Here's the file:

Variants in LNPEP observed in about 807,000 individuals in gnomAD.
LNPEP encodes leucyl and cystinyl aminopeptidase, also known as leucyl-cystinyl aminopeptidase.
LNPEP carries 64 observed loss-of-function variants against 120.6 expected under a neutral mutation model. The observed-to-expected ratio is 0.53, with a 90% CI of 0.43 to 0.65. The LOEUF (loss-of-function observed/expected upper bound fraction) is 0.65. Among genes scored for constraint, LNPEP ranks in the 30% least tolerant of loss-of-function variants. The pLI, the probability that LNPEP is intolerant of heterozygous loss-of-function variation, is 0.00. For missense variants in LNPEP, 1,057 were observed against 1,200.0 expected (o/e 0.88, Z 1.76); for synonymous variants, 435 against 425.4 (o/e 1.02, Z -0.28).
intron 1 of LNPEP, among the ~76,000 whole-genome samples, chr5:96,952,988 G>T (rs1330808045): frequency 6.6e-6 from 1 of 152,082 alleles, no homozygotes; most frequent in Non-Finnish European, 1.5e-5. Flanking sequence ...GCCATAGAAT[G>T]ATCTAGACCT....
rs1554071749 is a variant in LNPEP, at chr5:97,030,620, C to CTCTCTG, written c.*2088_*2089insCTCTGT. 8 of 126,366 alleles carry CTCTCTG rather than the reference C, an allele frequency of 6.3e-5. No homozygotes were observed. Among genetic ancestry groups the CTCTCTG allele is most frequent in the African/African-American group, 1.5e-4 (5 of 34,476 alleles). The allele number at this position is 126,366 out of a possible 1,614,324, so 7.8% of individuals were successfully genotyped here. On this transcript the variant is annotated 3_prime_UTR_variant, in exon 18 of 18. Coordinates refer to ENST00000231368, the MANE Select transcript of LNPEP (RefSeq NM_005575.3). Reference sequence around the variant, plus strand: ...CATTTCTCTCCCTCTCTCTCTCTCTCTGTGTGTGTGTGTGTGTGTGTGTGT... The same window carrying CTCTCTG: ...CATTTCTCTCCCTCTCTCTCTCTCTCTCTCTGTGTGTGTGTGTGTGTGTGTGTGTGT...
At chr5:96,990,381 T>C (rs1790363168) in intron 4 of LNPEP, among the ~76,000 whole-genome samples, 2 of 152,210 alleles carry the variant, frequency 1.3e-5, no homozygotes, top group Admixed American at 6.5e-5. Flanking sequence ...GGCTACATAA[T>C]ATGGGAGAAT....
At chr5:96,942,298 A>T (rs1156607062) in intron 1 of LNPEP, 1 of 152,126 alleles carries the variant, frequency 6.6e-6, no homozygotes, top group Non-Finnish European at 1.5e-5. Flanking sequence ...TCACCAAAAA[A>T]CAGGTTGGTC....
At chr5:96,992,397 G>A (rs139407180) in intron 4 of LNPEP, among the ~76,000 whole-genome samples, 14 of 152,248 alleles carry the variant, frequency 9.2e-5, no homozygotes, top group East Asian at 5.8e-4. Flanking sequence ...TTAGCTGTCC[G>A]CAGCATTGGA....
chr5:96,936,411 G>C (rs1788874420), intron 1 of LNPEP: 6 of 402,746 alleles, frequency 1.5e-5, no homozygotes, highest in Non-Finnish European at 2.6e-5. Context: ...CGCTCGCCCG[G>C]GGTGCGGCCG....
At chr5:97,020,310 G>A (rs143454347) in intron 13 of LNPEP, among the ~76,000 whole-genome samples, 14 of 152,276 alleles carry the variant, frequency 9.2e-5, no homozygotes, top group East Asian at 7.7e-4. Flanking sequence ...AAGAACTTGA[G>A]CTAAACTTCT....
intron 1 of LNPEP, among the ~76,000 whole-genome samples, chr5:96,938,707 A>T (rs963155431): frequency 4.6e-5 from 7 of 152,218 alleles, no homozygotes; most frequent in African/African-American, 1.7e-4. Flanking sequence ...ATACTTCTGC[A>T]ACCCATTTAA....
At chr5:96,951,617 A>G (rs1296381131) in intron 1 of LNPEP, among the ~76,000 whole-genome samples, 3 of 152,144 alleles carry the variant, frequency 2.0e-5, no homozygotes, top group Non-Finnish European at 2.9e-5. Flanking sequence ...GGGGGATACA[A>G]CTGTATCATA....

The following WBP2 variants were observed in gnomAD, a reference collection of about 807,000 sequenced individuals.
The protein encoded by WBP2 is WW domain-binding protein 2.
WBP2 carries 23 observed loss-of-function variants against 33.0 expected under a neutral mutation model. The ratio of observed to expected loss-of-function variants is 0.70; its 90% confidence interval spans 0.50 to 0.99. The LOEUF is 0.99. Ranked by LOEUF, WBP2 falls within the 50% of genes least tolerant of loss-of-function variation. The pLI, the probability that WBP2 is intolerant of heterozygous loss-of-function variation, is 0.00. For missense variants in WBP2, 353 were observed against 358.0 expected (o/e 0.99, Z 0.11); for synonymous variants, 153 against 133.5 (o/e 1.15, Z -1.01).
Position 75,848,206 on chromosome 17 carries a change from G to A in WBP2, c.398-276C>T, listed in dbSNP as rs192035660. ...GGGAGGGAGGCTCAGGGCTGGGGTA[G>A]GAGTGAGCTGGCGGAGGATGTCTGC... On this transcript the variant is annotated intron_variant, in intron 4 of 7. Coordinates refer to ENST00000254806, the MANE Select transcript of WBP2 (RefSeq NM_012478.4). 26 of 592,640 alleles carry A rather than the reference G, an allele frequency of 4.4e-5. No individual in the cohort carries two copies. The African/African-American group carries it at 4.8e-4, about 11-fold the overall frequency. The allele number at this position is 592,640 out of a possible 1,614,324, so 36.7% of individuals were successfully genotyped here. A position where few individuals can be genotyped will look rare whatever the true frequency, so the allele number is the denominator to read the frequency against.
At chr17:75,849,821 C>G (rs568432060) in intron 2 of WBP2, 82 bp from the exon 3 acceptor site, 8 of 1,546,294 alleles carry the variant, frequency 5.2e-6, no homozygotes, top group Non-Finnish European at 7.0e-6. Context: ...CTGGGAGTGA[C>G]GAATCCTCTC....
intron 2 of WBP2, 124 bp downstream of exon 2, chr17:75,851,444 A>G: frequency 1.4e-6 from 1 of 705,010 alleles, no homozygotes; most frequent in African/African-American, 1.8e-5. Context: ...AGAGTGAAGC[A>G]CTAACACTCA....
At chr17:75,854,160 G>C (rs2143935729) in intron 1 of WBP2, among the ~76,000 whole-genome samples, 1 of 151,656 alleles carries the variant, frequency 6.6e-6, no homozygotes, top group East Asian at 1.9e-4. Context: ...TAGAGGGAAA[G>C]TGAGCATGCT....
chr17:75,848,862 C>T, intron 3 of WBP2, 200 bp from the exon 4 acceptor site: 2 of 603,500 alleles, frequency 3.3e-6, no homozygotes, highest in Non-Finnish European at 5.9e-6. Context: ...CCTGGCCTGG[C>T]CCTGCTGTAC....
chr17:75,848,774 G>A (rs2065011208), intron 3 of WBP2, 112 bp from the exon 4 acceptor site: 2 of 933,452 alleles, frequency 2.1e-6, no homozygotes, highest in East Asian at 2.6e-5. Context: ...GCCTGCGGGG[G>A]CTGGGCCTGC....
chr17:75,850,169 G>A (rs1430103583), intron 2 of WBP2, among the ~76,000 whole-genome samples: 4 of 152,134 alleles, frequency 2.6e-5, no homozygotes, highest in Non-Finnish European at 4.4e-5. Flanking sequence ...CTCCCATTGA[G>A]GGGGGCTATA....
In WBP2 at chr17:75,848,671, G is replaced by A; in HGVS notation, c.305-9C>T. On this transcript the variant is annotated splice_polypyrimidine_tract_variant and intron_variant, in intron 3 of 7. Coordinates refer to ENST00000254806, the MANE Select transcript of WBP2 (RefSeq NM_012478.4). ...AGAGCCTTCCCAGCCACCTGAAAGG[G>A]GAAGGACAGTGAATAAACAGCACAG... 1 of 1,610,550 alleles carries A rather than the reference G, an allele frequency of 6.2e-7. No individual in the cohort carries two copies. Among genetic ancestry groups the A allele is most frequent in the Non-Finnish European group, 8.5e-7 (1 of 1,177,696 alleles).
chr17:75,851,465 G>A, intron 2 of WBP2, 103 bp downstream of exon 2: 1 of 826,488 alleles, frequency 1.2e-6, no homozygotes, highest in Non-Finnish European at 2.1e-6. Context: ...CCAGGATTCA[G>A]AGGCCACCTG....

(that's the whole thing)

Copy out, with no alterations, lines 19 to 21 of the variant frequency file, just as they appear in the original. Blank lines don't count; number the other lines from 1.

At chr17:75,854,160 G>C (rs2143935729) in intron 1 of WBP2, among the ~76,000 whole-genome samples, 1 of 151,656 alleles carries the variant, frequency 6.6e-6, no homozygotes, top group East Asian at 1.9e-4. Context: ...TAGAGGGAAA[G>C]TGAGCATGCT....
chr17:75,848,862 C>T, intron 3 of WBP2, 200 bp from the exon 4 acceptor site: 2 of 603,500 alleles, frequency 3.3e-6, no homozygotes, highest in Non-Finnish European at 5.9e-6. Context: ...CCTGGCCTGG[C>T]CCTGCTGTAC....
chr17:75,848,774 G>A (rs2065011208), intron 3 of WBP2, 112 bp from the exon 4 acceptor site: 2 of 933,452 alleles, frequency 2.1e-6, no homozygotes, highest in East Asian at 2.6e-5. Context: ...GCCTGCGGGG[G>A]CTGGGCCTGC....